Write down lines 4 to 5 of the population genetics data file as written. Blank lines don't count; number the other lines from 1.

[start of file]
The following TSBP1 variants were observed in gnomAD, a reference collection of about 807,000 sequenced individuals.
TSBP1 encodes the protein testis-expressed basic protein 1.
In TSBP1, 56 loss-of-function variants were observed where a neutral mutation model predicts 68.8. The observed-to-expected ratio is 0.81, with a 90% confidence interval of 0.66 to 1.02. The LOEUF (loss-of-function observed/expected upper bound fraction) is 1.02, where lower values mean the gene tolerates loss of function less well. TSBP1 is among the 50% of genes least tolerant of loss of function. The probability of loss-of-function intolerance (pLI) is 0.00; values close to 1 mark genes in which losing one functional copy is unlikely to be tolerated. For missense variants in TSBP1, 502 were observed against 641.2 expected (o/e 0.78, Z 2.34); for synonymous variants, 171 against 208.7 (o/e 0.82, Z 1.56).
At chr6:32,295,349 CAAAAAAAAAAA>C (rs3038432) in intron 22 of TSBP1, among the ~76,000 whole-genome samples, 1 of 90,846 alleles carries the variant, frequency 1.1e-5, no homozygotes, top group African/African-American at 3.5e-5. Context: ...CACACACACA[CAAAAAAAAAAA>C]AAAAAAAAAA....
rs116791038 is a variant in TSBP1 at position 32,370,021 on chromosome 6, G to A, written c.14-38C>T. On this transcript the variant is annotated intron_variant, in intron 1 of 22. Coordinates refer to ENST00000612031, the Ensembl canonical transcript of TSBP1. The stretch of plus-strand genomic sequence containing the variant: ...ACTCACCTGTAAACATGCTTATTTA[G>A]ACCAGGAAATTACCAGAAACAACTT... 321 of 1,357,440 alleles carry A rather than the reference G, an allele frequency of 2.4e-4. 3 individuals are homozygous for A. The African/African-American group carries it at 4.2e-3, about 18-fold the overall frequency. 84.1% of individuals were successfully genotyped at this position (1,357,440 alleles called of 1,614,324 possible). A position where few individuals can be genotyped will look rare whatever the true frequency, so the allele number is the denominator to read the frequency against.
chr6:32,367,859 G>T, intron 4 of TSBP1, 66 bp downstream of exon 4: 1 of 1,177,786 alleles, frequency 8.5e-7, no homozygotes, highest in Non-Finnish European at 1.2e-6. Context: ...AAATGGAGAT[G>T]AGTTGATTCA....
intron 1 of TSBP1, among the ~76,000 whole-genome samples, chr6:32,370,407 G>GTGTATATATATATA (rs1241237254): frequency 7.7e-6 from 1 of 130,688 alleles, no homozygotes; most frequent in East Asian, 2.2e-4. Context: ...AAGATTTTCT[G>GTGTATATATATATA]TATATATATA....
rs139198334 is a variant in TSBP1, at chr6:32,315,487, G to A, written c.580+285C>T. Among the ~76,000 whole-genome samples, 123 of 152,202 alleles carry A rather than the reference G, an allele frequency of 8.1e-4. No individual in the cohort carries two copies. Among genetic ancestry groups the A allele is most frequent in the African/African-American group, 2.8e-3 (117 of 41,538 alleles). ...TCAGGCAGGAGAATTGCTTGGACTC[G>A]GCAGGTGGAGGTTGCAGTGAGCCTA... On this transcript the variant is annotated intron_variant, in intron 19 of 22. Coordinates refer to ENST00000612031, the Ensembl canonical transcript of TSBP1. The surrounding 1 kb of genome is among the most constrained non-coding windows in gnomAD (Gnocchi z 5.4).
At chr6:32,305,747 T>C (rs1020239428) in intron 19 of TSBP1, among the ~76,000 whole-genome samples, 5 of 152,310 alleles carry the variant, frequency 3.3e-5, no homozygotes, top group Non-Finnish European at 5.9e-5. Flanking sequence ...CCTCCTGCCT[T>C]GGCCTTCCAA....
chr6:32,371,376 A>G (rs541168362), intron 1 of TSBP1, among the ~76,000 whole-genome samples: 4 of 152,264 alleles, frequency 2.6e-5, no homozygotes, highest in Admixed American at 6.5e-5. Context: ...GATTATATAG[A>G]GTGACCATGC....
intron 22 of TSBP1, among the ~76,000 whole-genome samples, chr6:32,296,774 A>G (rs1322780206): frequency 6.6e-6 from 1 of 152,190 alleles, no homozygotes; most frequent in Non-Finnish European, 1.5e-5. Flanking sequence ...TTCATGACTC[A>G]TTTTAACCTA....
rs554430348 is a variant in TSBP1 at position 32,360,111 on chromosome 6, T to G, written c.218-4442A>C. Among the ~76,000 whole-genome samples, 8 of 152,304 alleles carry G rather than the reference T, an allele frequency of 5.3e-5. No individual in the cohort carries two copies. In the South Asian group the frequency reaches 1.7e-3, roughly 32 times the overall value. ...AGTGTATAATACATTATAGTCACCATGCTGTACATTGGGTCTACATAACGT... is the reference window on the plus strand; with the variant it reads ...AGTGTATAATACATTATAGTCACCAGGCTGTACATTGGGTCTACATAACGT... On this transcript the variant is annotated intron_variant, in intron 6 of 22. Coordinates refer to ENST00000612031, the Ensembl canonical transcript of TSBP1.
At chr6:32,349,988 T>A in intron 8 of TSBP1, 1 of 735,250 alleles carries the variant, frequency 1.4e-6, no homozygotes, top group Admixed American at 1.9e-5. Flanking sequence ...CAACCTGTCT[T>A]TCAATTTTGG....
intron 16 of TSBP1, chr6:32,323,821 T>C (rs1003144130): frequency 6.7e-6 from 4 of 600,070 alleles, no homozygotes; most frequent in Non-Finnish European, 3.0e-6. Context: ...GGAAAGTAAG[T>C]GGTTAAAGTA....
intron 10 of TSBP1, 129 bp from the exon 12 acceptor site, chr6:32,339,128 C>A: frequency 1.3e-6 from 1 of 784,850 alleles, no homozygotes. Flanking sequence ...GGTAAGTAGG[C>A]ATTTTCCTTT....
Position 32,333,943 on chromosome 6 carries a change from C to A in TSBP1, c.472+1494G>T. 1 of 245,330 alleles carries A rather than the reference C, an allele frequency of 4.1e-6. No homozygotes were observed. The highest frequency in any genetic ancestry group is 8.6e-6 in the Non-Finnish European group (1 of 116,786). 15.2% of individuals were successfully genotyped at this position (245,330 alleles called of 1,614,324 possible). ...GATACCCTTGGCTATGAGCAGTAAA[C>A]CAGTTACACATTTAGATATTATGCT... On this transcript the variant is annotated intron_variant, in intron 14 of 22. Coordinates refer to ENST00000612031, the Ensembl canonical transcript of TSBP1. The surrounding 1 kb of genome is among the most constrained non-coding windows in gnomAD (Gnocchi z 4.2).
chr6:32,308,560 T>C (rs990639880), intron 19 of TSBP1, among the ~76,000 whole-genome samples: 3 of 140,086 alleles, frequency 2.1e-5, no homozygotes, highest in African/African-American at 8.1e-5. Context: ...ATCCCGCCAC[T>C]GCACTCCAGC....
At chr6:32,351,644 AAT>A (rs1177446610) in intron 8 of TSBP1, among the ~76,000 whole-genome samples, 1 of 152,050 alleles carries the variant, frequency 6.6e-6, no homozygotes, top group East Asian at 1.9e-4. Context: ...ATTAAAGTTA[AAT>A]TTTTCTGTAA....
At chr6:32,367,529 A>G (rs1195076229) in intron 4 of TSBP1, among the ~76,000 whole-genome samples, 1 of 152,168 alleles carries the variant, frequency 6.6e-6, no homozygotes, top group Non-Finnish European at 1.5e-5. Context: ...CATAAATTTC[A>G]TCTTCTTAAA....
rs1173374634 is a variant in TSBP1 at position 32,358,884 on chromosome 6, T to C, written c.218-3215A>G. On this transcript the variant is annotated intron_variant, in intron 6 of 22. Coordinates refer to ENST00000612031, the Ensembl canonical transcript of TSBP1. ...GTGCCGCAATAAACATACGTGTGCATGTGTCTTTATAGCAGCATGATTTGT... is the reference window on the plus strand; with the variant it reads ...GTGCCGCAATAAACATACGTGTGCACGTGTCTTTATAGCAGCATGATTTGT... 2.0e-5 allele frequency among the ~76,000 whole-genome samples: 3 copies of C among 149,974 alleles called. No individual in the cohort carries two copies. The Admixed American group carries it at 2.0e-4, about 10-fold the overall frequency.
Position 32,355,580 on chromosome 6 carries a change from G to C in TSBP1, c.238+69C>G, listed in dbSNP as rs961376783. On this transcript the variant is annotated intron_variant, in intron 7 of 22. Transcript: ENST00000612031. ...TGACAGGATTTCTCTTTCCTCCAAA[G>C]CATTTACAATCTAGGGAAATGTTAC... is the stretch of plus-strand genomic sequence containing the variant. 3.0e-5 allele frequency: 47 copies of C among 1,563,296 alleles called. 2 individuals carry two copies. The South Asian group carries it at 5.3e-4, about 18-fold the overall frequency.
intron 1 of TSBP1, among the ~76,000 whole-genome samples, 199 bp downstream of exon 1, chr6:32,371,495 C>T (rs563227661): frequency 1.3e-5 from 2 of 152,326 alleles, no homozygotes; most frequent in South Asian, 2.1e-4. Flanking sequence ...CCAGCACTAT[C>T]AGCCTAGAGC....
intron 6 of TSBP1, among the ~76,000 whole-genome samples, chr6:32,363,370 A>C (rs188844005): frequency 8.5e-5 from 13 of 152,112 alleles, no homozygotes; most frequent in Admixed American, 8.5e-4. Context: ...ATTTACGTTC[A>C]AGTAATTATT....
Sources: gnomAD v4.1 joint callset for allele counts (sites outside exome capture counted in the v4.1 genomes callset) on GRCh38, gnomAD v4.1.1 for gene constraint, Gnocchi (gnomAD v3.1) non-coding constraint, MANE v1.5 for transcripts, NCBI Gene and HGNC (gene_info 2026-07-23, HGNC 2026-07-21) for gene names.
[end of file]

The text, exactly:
At chr6:32,295,349 CAAAAAAAAAAA>C (rs3038432) in intron 22 of TSBP1, among the ~76,000 whole-genome samples, 1 of 90,846 alleles carries the variant, frequency 1.1e-5, no homozygotes, top group African/African-American at 3.5e-5. Context: ...CACACACACA[CAAAAAAAAAAA>C]AAAAAAAAAA....
rs116791038 is a variant in TSBP1 at position 32,370,021 on chromosome 6, G to A, written c.14-38C>T. On this transcript the variant is annotated intron_variant, in intron 1 of 22. Coordinates refer to ENST00000612031, the Ensembl canonical transcript of TSBP1. The stretch of plus-strand genomic sequence containing the variant: ...ACTCACCTGTAAACATGCTTATTTA[G>A]ACCAGGAAATTACCAGAAACAACTT... 321 of 1,357,440 alleles carry A rather than the reference G, an allele frequency of 2.4e-4. 3 individuals are homozygous for A. The African/African-American group carries it at 4.2e-3, about 18-fold the overall frequency. 84.1% of individuals were successfully genotyped at this position (1,357,440 alleles called of 1,614,324 possible). A position where few individuals can be genotyped will look rare whatever the true frequency, so the allele number is the denominator to read the frequency against.